Commodore was founded in 1958 by Jack Tramiel. Initially typewriters were repaired and sold, and later they sold also their own models. They went into the calculator market. The supplier was the even todey well-known company Texas Instruments. When they saw that Commodore calculators sold very well (in 1975 in the Commodore's factory in England produced six million calculator and you had 30% market share) Texas Instruments stopped to supply the chips for Commodore and even brought their own, cheaper calculators on the market. This move Commodore had nearly driven into bankruptcy, but Irvin Gould saved Commodore and he got the largest shareholder of Commodore. Jack Tramiel realized that they would have to be independent of other companies and bought MOS Technologies, a semiconductor manufacturer who worked closely together with Commodore earlier. MOS sold the KIM-1 single board computer, which uses the CPU MOS 6502. On the basis of the KIM-1 Commodore developed the PET, one of the first completely assembled computers in the world. Then Commodore dominated the market for many years with home computers.
The VIC-20 is built around a multi-chip (VIC), and was built until 1985.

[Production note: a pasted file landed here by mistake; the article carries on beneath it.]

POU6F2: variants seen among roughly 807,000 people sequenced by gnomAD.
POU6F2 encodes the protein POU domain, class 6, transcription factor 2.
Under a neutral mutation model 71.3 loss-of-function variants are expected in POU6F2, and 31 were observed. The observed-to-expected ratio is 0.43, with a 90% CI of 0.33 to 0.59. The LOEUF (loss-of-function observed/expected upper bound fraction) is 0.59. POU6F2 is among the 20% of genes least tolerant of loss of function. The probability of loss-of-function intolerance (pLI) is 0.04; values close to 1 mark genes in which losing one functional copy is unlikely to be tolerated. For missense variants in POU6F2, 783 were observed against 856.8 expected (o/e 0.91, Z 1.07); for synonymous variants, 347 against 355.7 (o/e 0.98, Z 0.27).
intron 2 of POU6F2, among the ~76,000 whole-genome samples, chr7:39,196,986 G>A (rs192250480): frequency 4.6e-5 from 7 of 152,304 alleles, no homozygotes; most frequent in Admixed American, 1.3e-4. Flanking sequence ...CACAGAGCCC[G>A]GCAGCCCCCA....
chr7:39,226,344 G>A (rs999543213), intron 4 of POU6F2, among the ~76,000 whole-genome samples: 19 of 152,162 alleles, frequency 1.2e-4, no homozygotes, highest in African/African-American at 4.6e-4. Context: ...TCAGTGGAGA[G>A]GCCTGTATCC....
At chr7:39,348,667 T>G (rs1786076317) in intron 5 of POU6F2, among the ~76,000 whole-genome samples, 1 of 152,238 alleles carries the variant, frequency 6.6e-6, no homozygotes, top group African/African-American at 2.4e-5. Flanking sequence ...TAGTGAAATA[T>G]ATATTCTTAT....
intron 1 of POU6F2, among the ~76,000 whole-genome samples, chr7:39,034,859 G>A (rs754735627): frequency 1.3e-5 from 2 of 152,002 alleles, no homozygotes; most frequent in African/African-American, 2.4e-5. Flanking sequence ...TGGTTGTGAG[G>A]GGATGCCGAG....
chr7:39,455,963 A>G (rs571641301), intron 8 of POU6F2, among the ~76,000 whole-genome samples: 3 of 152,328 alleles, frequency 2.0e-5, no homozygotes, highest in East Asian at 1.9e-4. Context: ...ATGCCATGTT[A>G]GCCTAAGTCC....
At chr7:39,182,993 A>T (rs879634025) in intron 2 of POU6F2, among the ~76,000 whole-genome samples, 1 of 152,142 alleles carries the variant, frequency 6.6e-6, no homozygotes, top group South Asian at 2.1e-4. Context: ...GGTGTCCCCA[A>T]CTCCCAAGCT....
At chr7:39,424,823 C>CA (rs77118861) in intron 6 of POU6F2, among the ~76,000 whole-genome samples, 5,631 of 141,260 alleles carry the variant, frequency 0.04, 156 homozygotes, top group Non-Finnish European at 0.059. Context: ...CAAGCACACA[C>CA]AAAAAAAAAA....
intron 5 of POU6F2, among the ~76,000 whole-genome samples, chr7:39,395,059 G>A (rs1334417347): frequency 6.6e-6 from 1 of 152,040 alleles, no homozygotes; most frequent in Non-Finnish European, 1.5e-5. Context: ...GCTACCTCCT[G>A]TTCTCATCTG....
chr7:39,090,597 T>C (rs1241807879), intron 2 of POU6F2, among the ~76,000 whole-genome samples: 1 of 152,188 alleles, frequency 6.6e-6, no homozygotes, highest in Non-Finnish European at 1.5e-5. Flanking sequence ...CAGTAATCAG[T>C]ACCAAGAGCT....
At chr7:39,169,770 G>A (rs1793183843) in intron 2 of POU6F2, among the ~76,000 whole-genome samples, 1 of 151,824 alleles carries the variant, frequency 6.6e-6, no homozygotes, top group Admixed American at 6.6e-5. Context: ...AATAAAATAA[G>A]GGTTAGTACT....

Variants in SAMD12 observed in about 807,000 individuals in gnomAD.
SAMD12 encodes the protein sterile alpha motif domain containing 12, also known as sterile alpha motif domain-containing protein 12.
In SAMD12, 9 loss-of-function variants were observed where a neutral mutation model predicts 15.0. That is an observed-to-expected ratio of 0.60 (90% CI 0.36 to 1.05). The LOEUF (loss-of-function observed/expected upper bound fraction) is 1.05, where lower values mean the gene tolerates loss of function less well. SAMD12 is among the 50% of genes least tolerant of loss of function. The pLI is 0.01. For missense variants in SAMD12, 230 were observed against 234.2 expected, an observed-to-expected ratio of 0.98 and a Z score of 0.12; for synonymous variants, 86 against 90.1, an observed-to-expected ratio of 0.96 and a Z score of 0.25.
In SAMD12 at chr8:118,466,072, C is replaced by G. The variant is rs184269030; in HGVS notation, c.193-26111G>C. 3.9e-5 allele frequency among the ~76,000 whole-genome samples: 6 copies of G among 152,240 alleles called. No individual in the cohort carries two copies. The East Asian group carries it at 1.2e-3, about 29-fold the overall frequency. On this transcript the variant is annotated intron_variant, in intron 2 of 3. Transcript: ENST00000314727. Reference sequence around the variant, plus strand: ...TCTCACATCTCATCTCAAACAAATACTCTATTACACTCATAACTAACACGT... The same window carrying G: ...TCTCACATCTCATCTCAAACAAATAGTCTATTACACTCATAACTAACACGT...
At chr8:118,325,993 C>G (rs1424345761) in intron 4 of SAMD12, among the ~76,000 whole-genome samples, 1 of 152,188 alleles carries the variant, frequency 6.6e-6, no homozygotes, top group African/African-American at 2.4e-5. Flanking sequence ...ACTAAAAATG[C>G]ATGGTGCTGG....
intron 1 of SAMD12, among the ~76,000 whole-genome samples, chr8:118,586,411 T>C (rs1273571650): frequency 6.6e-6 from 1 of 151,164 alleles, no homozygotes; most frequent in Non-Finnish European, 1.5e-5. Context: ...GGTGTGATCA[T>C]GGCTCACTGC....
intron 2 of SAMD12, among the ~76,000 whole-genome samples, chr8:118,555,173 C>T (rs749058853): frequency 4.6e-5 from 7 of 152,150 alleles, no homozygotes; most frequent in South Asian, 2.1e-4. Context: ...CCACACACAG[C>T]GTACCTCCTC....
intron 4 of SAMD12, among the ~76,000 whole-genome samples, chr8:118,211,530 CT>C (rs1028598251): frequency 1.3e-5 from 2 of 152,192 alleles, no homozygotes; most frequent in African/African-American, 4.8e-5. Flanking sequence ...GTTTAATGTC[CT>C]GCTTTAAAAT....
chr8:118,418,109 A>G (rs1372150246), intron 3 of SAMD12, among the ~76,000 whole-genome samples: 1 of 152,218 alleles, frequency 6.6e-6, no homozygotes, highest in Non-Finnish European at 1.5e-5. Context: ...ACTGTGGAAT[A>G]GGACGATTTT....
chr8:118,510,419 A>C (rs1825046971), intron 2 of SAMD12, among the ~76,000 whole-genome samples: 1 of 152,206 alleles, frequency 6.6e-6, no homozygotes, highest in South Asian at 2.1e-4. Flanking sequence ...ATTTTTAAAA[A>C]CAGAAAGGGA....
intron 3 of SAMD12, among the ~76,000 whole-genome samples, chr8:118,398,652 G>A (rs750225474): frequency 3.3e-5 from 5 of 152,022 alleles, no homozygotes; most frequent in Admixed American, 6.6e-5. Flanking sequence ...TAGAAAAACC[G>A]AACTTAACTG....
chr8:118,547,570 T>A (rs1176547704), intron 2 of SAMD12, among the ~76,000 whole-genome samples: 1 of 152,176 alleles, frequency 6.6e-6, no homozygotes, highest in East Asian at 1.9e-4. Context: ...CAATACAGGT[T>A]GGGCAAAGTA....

The VC-10 is an extremely limited C64 with only 4 Kbytes of memory and a bad-to-use membrane keyboard. He has no serial port and no user port. He arrived in Japan only in the market and was not a success.
The C64 had 64 Kbytes, excellent graphics and great sound (the best selling computer in the world around 22 million pieces). It was built 12 years long. There are several variants, such as a C64-game console (C64 GS) and a portable C64 (SX 64). At times, he had over 75% market share!
C16, C116 und Plus/4 (C264-series; 1984)
1984 Commodore presented the C16, C116 and Plus / 4. Commodore made mistakes: Ports have been changed and there were only 16 Kbytes of memory installed in the C16 and C116. The C116 was sold only in a few countries, and is technically a C16 with a rubber keyboard. The Plus/4 had 64 KB of memory and four built-in programs. Despite the improved Basic 3.5, the 264-line a flop.
C128 und 128-D (1985)
He had 128KB memory, a German keyboard and 3 operating systems: the C128 mode (with a better Basic 7.0), the C64 mode (Basic 2.0) and the CP/M mode. The C128 also existed in a variant with external keyboard and built-in drive as C128D.
SalesAt the beginning of 1994 Commodore tells the press how many Commodore computers were sold to Germany the first time (according to the situation on 31.12.1993)